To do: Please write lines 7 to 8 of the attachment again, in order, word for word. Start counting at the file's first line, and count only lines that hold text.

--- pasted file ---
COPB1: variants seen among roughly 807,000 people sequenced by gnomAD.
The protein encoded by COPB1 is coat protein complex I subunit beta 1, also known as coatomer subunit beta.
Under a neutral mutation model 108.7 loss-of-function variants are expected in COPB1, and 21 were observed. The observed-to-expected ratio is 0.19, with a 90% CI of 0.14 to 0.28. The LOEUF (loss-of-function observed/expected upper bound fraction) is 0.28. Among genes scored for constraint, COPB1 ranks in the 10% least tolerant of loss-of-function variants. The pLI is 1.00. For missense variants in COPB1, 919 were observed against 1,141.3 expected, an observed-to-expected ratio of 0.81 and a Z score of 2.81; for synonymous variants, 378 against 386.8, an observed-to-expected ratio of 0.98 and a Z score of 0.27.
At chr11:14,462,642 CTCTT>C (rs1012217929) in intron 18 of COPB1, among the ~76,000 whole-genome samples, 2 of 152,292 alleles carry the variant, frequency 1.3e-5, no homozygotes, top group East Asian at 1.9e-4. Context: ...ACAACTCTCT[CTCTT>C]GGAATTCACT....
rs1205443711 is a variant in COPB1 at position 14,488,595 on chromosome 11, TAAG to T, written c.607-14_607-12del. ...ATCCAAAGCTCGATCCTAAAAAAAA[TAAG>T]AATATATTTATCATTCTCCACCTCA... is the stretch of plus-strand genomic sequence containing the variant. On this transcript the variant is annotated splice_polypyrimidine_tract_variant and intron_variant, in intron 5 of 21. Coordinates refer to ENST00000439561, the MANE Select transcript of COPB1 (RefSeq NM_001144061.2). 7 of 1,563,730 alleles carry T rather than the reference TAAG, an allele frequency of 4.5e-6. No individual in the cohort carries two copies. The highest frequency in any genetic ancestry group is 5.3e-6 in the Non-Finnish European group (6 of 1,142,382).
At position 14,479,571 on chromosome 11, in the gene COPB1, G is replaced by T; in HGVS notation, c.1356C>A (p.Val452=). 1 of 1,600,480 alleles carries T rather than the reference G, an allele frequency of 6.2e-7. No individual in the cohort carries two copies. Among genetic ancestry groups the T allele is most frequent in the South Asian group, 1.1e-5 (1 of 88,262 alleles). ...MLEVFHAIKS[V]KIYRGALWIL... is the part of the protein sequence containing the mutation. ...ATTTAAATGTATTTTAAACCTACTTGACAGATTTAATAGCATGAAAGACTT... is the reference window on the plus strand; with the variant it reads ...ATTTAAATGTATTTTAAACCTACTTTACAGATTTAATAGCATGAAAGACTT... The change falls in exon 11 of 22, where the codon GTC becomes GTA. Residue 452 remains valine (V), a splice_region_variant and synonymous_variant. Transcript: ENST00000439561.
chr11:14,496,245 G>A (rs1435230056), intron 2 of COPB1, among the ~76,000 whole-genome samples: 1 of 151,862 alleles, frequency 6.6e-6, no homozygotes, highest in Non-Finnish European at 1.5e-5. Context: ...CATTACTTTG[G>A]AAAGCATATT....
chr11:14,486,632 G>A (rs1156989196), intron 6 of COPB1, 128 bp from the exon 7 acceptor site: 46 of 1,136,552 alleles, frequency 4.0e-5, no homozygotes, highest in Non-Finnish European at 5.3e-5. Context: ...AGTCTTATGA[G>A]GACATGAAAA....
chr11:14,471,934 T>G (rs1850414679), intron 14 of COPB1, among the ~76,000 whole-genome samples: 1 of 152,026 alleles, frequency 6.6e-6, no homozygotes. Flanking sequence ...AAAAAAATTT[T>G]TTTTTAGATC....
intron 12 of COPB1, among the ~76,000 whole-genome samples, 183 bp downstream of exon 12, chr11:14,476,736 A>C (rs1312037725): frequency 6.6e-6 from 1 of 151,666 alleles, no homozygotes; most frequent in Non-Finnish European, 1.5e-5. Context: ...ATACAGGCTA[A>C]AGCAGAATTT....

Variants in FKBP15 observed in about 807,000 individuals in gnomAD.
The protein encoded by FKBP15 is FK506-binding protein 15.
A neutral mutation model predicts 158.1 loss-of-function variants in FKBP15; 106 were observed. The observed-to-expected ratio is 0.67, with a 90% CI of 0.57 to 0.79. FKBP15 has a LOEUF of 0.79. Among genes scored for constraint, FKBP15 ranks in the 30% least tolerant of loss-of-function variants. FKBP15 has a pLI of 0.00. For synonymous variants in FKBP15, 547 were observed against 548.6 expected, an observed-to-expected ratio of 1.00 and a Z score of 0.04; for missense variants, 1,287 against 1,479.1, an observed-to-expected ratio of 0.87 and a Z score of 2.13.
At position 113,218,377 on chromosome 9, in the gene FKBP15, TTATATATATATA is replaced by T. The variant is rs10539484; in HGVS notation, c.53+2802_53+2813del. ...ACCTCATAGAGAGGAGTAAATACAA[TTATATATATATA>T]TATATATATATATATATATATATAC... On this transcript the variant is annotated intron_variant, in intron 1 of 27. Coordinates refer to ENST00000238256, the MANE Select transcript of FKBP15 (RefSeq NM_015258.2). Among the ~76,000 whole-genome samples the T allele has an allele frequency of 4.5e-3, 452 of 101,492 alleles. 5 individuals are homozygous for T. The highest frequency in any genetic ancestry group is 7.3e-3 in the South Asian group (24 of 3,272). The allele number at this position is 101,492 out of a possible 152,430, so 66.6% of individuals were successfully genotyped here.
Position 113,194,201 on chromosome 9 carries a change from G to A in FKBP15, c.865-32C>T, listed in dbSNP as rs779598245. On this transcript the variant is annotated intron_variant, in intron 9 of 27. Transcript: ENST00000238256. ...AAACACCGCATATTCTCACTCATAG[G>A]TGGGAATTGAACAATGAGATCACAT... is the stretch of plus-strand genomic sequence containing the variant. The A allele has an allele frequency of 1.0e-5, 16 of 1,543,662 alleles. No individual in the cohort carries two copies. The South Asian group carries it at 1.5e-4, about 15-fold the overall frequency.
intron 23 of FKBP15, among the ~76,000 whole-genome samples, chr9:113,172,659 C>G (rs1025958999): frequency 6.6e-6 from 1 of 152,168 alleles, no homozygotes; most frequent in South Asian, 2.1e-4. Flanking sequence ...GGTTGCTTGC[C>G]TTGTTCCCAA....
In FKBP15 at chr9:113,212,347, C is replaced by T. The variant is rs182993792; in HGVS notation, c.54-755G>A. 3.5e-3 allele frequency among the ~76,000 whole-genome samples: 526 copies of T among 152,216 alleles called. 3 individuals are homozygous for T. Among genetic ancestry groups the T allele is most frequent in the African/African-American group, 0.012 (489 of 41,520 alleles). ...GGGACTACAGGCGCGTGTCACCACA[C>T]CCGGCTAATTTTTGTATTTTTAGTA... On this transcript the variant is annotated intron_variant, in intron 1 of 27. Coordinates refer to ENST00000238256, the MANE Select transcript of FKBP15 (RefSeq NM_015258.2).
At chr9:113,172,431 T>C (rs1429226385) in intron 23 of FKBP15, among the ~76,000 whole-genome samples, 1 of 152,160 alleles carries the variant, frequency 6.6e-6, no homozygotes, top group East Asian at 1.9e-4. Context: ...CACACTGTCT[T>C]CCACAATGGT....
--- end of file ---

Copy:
chr11:14,496,245 G>A (rs1435230056), intron 2 of COPB1, among the ~76,000 whole-genome samples: 1 of 151,862 alleles, frequency 6.6e-6, no homozygotes, highest in Non-Finnish European at 1.5e-5. Context: ...CATTACTTTG[G>A]AAAGCATATT....
chr11:14,486,632 G>A (rs1156989196), intron 6 of COPB1, 128 bp from the exon 7 acceptor site: 46 of 1,136,552 alleles, frequency 4.0e-5, no homozygotes, highest in Non-Finnish European at 5.3e-5. Context: ...AGTCTTATGA[G>A]GACATGAAAA....